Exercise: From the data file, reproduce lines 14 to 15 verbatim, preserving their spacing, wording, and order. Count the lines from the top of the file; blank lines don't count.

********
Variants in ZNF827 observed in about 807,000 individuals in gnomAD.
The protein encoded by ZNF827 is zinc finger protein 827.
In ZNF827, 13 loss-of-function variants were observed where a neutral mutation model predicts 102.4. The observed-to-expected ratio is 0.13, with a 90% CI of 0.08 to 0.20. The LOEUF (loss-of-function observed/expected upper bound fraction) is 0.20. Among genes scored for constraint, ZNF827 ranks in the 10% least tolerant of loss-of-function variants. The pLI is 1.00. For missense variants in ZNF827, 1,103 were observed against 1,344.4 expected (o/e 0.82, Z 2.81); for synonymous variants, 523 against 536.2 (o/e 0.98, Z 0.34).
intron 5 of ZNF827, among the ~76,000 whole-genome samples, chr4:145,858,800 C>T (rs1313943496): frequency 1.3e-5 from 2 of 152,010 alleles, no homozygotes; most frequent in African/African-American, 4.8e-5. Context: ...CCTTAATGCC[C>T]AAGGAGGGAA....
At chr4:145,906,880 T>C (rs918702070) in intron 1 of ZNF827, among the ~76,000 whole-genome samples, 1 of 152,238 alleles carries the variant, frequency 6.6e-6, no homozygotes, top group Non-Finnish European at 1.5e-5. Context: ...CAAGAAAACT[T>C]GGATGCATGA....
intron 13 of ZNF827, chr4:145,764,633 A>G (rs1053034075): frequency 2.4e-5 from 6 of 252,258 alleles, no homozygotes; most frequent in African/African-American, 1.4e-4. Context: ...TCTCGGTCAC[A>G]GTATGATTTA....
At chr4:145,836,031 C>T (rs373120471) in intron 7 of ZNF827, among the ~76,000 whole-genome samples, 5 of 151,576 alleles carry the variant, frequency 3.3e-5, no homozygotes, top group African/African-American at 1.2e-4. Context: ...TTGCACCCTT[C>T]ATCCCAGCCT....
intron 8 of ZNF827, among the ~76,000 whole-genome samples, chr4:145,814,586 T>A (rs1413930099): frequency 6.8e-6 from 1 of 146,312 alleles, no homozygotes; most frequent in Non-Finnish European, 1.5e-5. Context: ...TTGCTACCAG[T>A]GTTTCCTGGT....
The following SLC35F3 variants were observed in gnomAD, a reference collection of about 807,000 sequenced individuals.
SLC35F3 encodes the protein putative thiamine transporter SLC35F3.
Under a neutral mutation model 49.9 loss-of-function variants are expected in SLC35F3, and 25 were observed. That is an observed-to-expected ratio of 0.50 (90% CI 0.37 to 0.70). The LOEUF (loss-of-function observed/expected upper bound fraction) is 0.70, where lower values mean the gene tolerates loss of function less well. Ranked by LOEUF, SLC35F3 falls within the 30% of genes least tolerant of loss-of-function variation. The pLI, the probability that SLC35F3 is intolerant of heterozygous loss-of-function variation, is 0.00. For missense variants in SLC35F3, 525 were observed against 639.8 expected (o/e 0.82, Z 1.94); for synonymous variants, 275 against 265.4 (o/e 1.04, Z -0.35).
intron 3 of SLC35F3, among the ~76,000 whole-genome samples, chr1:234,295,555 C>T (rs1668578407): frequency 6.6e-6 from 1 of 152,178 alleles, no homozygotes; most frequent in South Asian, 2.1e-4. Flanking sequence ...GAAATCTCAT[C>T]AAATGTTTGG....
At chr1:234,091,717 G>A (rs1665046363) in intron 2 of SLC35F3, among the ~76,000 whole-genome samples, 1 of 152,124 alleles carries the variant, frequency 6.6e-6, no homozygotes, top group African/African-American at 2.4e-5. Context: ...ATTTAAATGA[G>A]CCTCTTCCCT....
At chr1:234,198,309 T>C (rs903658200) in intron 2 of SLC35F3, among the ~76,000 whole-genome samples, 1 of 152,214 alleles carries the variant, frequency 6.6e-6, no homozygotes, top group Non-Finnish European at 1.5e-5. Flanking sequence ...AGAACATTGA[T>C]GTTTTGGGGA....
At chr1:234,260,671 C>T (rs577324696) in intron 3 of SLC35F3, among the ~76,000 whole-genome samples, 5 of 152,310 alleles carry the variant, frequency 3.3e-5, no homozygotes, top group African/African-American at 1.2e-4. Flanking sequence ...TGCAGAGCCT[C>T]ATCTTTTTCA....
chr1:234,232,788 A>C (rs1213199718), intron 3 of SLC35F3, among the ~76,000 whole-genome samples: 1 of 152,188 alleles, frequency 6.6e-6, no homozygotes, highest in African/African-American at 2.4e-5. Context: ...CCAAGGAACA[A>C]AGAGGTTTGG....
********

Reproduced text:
At chr1:234,198,309 T>C (rs903658200) in intron 2 of SLC35F3, among the ~76,000 whole-genome samples, 1 of 152,214 alleles carries the variant, frequency 6.6e-6, no homozygotes, top group Non-Finnish European at 1.5e-5. Flanking sequence ...AGAACATTGA[T>C]GTTTTGGGGA....
At chr1:234,260,671 C>T (rs577324696) in intron 3 of SLC35F3, among the ~76,000 whole-genome samples, 5 of 152,310 alleles carry the variant, frequency 3.3e-5, no homozygotes, top group African/African-American at 1.2e-4. Flanking sequence ...TGCAGAGCCT[C>T]ATCTTTTTCA....